'The Mother Teresa of Champaign-Urbana'

'The Mother Teresa of Champaign-Urbana'

URBANA — Anh Ha Ho was born in Vietnam, raised in France and spent a couple years in Canada.

But for the 69-year-old co-director of the East Central Illinois Refugee Mutual Assistance Center, there's no place like Champaign-Urbana.

It's home.

"It's the longest I've ever lived anywhere," she said. "Thirty-one years."

Ha Ho, who'll be honored with the Leadership Award during the Champaign-Urbana Immigration Forum's annual celebration Saturday, knows what it's like to have to uproot — whether by force or by choice — and navigate immigration systems in foreign countries.

Born in North Vietnam in 1947, she moved with her family to France at a young age after her father, a pediatrician involved in Vietnamese politics, opened a private practice in Paris.

After 16 years there, her family traveled back to a war-torn Vietnam, where they were forced to live in Saigon (now Ho Chi Minh City), in the south. Between the time the family moved back and Saigon fell in 1975, Ha Ho's father ran for president of Vietnam.

When he lost and the new regime took power, her father was arrested and sent away for three years on account of his previous political activities. Ha Ho's mother returned to France, her siblings dispersed to other parts of the world, and her husband was arrested for being among a group of intellectuals caught trying to flee the country.

Ha Ho knows how it feels to be alone, trying to survive with very few options, she said, much like the clients she works for each day at the local refugee center. Her past struggles are what give her the compassion to help other local immigrants and refugees who come to her office every day.

"Sometimes, you stumble upon a good samaritan. Sometimes, you get a lucky star," she said last week, reflecting on her own struggle to reunite with her family after her husband was arrested. He faced trial in Vietnam and served a year in jail. When her father was released, he was allowed to move to France to reunite with Ha Ho's mother.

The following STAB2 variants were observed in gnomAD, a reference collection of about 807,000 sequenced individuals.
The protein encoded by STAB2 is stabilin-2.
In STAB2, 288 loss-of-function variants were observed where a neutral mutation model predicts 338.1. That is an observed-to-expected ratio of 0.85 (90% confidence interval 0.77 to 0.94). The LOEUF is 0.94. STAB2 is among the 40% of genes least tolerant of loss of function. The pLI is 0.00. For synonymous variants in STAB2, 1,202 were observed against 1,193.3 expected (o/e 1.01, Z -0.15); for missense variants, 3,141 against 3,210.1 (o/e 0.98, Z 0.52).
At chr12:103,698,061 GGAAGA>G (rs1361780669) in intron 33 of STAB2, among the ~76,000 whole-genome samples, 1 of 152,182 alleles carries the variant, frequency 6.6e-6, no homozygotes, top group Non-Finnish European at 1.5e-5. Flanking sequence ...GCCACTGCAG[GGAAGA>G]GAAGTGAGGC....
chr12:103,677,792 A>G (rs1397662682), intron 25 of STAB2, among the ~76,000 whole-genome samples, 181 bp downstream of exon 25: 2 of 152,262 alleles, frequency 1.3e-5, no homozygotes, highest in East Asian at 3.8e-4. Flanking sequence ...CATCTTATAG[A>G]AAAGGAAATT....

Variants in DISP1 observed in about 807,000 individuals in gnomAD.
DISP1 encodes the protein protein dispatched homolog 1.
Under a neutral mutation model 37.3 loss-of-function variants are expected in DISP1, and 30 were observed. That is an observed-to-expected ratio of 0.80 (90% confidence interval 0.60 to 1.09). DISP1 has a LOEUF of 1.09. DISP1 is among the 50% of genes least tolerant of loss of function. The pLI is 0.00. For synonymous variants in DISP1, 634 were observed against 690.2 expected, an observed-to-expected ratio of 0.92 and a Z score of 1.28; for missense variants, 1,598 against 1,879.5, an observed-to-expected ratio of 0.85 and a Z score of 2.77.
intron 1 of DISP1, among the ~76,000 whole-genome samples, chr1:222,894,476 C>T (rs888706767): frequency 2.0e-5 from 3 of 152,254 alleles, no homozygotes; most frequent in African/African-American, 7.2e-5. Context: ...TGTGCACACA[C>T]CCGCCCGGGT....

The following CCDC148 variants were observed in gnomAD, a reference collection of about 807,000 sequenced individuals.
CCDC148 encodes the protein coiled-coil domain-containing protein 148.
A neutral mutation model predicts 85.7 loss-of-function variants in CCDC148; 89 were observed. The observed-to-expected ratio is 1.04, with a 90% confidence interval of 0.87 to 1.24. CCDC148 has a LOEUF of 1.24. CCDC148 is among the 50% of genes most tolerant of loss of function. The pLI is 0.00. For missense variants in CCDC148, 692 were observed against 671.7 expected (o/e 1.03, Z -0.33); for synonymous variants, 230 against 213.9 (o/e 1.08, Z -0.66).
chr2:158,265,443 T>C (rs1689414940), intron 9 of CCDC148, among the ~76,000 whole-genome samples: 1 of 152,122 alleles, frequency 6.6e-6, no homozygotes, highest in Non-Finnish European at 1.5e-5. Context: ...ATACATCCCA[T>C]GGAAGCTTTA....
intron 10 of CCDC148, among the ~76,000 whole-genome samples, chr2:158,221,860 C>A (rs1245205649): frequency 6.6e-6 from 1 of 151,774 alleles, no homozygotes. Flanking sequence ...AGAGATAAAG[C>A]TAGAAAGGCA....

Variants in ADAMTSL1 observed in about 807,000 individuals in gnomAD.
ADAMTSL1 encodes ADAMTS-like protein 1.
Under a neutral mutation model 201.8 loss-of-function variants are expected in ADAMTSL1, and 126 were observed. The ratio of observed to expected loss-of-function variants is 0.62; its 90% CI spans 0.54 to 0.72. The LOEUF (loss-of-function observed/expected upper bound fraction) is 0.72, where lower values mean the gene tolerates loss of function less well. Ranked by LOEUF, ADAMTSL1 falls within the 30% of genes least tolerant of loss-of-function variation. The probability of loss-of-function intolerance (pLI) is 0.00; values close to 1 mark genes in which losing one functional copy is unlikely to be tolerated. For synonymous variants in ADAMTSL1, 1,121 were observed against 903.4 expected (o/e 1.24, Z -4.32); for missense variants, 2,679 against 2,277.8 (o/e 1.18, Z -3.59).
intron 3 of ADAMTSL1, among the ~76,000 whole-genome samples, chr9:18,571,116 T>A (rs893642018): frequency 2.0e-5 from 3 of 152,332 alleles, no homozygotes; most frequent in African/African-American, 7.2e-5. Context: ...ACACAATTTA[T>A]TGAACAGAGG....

Ha Ho's brother, who lives in Canada, sponsored her and her husband, who were then able to leave Vietnam in 1983. Her husband left Canada and came to Champaign-Urbana to finish his medical residency at the University of Illinois a year later. She followed him a year after that, and hasn't left since.

"It was a long trip to come to America. Even from the time I landed here to my citizenship day, it was a long trip," she said. "Everywhere I've gone in life, I had to find solutions. I had to become self-educated and self-confident."

Around the world

Being fluent in French, Vietnamese, English and German — and able to speak "survival" Spanish — is part of what made Ha Ho so qualified to work at the refugee center for the past 25 years.

That, coupled with her extensive knowledge of immigration systems, makes her a vital resource for immigrants and refugees trying to better their lives in the U.S.

"I've gone through nearly every different type of immigration status a person can go through," she said. "I was born in Vietnam and was a citizen there. Then I moved to France and became a permanent resident of that country. Then I moved back to Vietnam and regained my citizenship there. When I came to Canada, I became a permanent resident, too."